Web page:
<br /> Lee Letter: n350

Washington and Lee University

Sender: Richard Henry Lee
Recipient: John Page

My dear Sir,

Finding by your letter of this post to your brother that you suppose I have
been negligent in my correspondence with you, my chief purpose here is
to remove that charge. I do not remember which of us is debtor on the
letter score, but as far as I do recollect I think I was the writer,
not the Receiver of the last letter. However this may be, it appeared
the less necessary for me to write, as I knew Mr. Page furnished you
with regular intelligence of what passed in the war department, besides
which, I had nothing worth troubling you with, or calling my attention
from the busy scene around me.

I observe in the Gazette, your call upon our Countrymen to apply some of
their attention to the business of
philosophy.1 Your reasoning is just, and I
hope will have its due weight. I am sure that some among us have
abundant necessity both for the study and the practise of the Moral
part of that noble science. If this had been better learned, such an
industrious attempt to injure my reputation in the opinion of my
Countrymen would not have taken place. It has been a wicked industry,
the most false, and the most malicious that the deceitful heart of man
ever produced. I am not on my own account affected with this malice of
my enemies, because I have long panted for retirement from the most
distressing pressure of business that I ever had conception of. But my
principal concern arises from the dreadful example my case presents, to
cool the arder of patriotism, and prevent the sacrifice of private ease
to public service. I ought at least to have been heared in my defence.
But Sir I will not trouble you with my feelings.

The enemies expected reenforcements from Europe have not yet arrived, in
consequence of which, our army in Jersey outnumbers theirs
considerably, but since they do expect 8 or 10,000 men from beyond the
Atlantic, and may bring the greatest part of their force round from
Canada in order to make one last dying effort, it behooves us to be
prepared to meet the desperate designs of desperate men. If no
disappointment takes place, when their whole force is collected, I do
not think they will be so strong as when the field was taken last year,
and the American Army promises to be much more formidable. Skirmishing
still continues, and still we keep the superiority, insomuch that by
the late maneuvres of the enemy, it seems not improbable that they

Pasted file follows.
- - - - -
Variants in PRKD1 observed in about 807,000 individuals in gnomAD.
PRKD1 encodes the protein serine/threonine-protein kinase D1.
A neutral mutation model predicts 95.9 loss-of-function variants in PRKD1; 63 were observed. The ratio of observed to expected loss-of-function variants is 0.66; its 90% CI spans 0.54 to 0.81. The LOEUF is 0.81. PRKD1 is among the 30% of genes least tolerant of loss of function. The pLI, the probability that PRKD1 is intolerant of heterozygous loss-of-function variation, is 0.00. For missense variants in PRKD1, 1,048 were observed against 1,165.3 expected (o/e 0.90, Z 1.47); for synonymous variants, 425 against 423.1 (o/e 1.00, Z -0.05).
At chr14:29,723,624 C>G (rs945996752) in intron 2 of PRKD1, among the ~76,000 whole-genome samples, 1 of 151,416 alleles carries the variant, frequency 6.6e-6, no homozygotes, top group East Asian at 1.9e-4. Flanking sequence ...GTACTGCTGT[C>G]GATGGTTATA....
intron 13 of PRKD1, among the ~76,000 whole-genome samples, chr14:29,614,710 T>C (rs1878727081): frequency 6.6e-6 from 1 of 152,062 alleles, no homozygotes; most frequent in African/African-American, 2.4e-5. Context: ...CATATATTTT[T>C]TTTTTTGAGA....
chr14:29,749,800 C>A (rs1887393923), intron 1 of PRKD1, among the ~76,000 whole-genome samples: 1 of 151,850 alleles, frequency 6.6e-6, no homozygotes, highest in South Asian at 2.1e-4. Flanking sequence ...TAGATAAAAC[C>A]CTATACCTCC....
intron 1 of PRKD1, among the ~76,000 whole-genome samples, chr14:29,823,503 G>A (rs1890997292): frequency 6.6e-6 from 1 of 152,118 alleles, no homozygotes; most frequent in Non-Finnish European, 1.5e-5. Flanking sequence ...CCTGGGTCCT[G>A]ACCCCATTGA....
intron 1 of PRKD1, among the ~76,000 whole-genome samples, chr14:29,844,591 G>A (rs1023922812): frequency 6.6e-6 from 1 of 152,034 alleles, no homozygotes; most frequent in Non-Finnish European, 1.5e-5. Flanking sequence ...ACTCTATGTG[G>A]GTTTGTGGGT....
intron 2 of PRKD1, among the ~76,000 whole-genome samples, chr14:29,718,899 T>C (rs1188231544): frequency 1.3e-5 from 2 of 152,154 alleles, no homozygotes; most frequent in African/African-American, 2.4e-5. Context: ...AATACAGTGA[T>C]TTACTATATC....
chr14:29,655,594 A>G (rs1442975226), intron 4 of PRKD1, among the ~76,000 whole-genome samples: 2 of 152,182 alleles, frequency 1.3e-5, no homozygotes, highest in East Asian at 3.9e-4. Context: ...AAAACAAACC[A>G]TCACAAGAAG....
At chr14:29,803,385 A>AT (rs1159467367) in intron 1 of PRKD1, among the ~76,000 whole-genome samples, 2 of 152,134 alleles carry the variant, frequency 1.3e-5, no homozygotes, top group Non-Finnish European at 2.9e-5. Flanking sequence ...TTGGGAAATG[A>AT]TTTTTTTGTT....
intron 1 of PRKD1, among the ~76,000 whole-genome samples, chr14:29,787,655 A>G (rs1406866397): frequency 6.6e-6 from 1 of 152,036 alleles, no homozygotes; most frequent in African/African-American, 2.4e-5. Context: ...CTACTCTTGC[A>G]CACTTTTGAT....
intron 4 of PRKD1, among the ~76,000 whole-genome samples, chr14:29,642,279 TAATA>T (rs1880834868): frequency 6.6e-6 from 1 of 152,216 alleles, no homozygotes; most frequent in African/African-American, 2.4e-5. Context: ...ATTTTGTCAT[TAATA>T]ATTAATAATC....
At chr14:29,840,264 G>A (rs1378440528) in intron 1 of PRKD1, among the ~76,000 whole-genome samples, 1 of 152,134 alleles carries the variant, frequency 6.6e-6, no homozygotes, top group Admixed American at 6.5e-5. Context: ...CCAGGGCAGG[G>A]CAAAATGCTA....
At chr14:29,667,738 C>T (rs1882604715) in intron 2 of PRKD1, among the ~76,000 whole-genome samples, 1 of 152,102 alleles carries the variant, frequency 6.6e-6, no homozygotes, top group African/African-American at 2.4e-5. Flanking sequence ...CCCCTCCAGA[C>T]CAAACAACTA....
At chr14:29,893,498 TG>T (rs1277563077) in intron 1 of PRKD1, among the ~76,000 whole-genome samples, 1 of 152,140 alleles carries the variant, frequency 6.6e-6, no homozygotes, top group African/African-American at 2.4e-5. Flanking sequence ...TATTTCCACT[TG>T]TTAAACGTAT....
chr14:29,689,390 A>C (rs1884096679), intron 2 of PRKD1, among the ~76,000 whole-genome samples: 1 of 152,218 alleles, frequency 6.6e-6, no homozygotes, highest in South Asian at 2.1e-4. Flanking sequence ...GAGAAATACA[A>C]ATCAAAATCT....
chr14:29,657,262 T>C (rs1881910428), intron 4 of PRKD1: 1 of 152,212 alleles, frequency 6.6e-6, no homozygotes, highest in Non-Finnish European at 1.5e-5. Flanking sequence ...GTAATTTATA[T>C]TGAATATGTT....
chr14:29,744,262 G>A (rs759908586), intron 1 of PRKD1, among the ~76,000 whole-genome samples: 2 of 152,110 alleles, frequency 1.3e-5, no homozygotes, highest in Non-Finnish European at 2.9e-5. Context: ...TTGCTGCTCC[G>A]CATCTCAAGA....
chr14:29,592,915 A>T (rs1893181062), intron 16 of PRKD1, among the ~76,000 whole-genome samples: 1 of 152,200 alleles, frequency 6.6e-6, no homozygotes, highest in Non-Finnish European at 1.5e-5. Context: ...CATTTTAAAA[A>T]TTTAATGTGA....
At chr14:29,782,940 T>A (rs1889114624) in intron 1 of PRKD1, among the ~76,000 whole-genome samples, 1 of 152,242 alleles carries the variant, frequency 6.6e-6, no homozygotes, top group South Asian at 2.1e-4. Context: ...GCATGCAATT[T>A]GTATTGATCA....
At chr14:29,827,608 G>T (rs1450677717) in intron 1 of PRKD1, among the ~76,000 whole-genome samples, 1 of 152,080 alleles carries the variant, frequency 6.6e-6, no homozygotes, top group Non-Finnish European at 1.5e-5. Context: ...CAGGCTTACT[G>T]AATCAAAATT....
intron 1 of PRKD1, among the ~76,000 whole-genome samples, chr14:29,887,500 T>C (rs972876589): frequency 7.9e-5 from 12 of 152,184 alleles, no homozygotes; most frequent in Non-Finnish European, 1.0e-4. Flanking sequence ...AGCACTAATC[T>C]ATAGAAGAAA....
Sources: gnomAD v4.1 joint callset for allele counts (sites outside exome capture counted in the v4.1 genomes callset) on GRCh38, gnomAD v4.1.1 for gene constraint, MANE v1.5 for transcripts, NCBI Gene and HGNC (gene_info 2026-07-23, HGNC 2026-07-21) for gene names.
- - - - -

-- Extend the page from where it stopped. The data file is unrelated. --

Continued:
intend to quit Jersey soon. They paid severely for their provision
destroying excursion to Danbury, where besides their disgraceful
flight, they did not loose less than 450 or 500 men killed &
wounded. Governor Tryon, late a Major General, and Colo. Wolcot, are
both dead of the wounds they received in that chace. The last accounts
from York tell us, that the British Officers look grave, and say, all
hope of conquering America but by disuniting it is now lost. Great
efforts will be made this year for that purpose, and no act or expence
omitted to obtain by fraud what force has failed to procure, the Court
favorite “Subduction of America.”

We hear that in the West Indies French Privateers abound under Continental
Commissions, which I think cannot fail to procure war if Great Britain
is not dead to every feeling except resentment for the Virtue of their
once affectionate brethren and fellow subjects. The inclosed pamphlet
is well written, and will I hope amuse you. Be pleased to give my
brother Thom the reading of it when you have finished it.

Adieu my dear Sir, I am your affectionate Kinsman,

Richard Henry Lee

[P.S.] I hope to see you e’er long in
Williamsburg.2

Notes:

Receiver’s copy, New York Public Library.

Addressed to Page at Williamsburg. Printed in James Curtis Ballagh, The Letters of Richard Henry Lee, Volume 1, 1762 – 1778, pp. 295 – 97. Another copy is in the Elsie O. and Philip D. Sang Deposit in the Rutgers University Library.

1 In the Virginia Gazette (Purdie), May 16, 1777, Page, as president of the
Virginia Society for Promoting Useful Knowledge, had presented
arguments for continuing this scientific group during the war years
and called for papers to be submitted for a volume of transactions.

2 Lee was granted a leave of absence on 5 June and left Philadelphia on the
15th. See JCC, 8:420; and Ballagh, The Letters of Richard Henry Lee, 1:305.